Special Warfare Combatant-Craft Crewman

Navy Special Boat Units

••• A wall of spray is thrown as a SWCC moves at top speed around a 90 degree corner in a small, shallow waterway in Mississippi. Official Navy Photo

Special Warfare Combatant Crewmen (SWCC) are members of the elite Naval Special Warfare Command and are responsible for conducting unconventional special operations alongside and independent of the Navy SEALs and other Special Operations Units. The SWCC crewmen drive fast speedboats down narrow, winding rivers or open ocean, transporting SEALs to and from hostile situations and operating nearly every weapon with a trigger the military has to offer.

When a call comes, a boat team can form up, put a 33-foot RHIB in the back of a C-17, fly half-way around the world to a combat zone, push the boat out of the plane into the ocean and then jump in after it, wearing parachutes or fast rope, in enemy territory.

SWCC missions include unconventional warfare, direct action, combating terrorism, special reconnaissance, foreign internal defense, information warfare, security assistance, counter-drug operations, personnel recovery and hydrographic reconnaissance. SWCC numbers hover around 600 personnel–less than 1 percent of the U.S. Navy, but they offer big dividends on a small investment. The SWCC units’ proven ability to operate across the spectrum of conflict and in operations other than war in a controlled manner, and their ability to provide real-time intelligence and eyes on target offers decision makers a lot of options.

They use craft like the Mark FIVE (MK V), the RHIB (Rigid Hull Inflatable Boat) and the Special Operations Craft-Riverine (SOC-R).

As noted in Jane’s Fighting Ships–“MISSION: High speed, medium range, all weather insertion/ extraction of Special Operations Forces, maritime interdiction operations, tactical swimmer operations, intelligence collection, operation deception, coastal patrol, and more.”

“Once, we were in 15- to 20-foot swells, recalled Quartermaster 1st Class (SWCC, PJ) Christopher Moore, from SBT-12.

“Our boat, a 24-ft. RHIB, could barely make it up the swells before the engine would sound like it was going to die. Then we would get to the top and become a 24-ft. surfboard coming down the other side. We couldn’t even keep in visual contact with our other craft.

Today's Special Boat Commands and Training

Three SWCC communities exist. The West Coast SWCC units are based in Coronado (SBT-12) and operate RHIBs and MK Vs. The same inventory is located at the East Coast SWCC (SBT-20) in Little Creek, Va. And down south, in Stennis, Miss., SBT-22 operates the SOC-R craft.

But to get to one of these units, you must attend SWCC basic school: a physically grueling indoctrination into the ways of Naval Special Warfare, portions of which are combined with SEAL pre-training. After this phase, a 22 week course - Crewman Qualification Training (CQT) course is taken. After CQT, a Sailor earns the SWCC pin: a unique insignia that is worn with your regular Navy uniform and that identifies these professional's important place in Naval Special Warfare.

SWCC school is extremely tough. Similar to Navy SEAL training (BUD/S), you will never be challenged like this in your life. It is very demanding physically and mentally, and it is designed to get rid of weak individuals who are not focused and driven.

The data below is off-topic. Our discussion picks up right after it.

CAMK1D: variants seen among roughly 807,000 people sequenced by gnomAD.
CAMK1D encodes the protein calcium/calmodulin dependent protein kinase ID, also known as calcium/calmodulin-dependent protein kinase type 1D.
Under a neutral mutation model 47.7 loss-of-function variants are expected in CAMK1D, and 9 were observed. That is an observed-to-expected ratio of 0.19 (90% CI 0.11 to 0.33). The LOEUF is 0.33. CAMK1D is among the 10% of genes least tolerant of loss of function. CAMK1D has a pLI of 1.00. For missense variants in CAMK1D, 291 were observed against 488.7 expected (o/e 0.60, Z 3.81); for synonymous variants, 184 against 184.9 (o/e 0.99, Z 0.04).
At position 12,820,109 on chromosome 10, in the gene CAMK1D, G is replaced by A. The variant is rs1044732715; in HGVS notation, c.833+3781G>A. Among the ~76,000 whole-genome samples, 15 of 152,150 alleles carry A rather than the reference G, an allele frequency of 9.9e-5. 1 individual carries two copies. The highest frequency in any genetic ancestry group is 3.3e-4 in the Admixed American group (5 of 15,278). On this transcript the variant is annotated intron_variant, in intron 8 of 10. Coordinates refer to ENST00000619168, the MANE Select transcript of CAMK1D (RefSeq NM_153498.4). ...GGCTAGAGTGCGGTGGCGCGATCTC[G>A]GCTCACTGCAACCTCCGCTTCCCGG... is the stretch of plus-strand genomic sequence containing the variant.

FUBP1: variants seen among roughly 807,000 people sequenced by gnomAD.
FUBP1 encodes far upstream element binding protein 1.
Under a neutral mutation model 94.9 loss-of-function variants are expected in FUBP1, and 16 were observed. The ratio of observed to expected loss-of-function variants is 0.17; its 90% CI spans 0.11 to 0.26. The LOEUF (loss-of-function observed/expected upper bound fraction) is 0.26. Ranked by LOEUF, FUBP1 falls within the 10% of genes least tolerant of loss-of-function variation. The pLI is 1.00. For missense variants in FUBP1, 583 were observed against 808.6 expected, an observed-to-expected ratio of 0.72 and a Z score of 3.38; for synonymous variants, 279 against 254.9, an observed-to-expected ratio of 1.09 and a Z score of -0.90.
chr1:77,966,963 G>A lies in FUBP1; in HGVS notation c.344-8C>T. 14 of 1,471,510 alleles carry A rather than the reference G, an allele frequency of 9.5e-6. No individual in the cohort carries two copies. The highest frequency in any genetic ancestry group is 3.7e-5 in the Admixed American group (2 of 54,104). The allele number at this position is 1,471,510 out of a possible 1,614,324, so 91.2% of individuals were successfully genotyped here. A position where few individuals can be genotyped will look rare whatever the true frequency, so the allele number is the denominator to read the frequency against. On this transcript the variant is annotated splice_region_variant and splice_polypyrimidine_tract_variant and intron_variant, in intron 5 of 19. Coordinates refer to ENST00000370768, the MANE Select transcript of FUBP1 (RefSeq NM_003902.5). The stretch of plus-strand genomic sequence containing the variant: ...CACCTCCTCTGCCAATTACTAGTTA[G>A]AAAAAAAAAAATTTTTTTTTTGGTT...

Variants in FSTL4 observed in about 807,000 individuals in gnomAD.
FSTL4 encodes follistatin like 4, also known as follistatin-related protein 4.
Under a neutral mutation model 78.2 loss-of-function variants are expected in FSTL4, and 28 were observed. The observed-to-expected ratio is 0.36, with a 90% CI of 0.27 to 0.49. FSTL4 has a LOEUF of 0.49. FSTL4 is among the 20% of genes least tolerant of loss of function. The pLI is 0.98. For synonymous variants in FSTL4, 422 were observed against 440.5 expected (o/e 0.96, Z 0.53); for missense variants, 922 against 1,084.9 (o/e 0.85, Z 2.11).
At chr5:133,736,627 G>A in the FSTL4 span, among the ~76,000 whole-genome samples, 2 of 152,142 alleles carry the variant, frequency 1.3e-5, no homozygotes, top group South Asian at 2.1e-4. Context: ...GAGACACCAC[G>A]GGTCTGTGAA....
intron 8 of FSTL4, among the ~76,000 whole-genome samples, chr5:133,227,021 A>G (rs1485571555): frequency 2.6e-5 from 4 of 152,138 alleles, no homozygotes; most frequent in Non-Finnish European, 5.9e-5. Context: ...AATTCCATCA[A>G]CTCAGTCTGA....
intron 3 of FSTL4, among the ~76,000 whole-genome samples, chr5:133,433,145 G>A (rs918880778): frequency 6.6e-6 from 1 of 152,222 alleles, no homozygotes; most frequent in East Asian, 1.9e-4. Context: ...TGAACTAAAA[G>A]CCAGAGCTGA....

In fact about 1/3 of those who start make it to the finish line and graduate.

After SWCC school, graduating students arrive at a Special Boat Team where they begin an 18-month pre-deployment training cycle starting with Professional Development (PRODEV), Core Training and Squadron Interoperability Training (SIT).

You have to be intelligent, good-hearted and physically and mentally tough as it takes a unique person to do our job. Being one who can adapt to new surroundings quickly and efficiently is also a requirement.

Heavy weapons knowledge is also a tool of the trade. A mounted .50 caliber MSHB machine gun with PEQ TWO lasers forward on both RHIBs and a .50 caliber machine gun aft, and sometimes a MK-19 Mod 3 40 mm Grenade Machine guns are some of the many armament options SWCCs have on the boats.

Indeed. SWCC personnel embrace a philosophy of dominance through superior firepower. During a typical SEAL extraction, the SWCC boats and crew from three other Special Operations Craft, rush into an extraction point at up to 30 knots in a hailstorm of protective fire from a trio of M-60 machine guns aft, and a thundering .50 caliber machine gun at the bow.

Spent rounds bounce off the metal deck, tracers pierce the darkness, dense foliage is shredded with a barrage of cover fire, ears ring, and the thumping .50 caliber drumbeat massages insides, as dominating, incessant firepower is laid toward the enemy. SEALs board the craft, a speedy exit is made and the fire continues until they are out of sight. An extraction of this sort is measured not in minutes but in seconds.

While these combatant crewmen specialize in scaring the enemy with dominating, ear-crushing, non-stop firepower, they also have the ability to be invisible, entering enemy territory undetected.

Wearing night vision devices, and the MK Vs had a nifty toy called Maritime Forward Looking Infrared or MARFLIR, a thermal imaging device which lets wearers see up to two miles out on the horizon, day or night. This capability, along with the incredible acceleration, stop-on-a-dime handling and maneuverability give them the advantage on the water.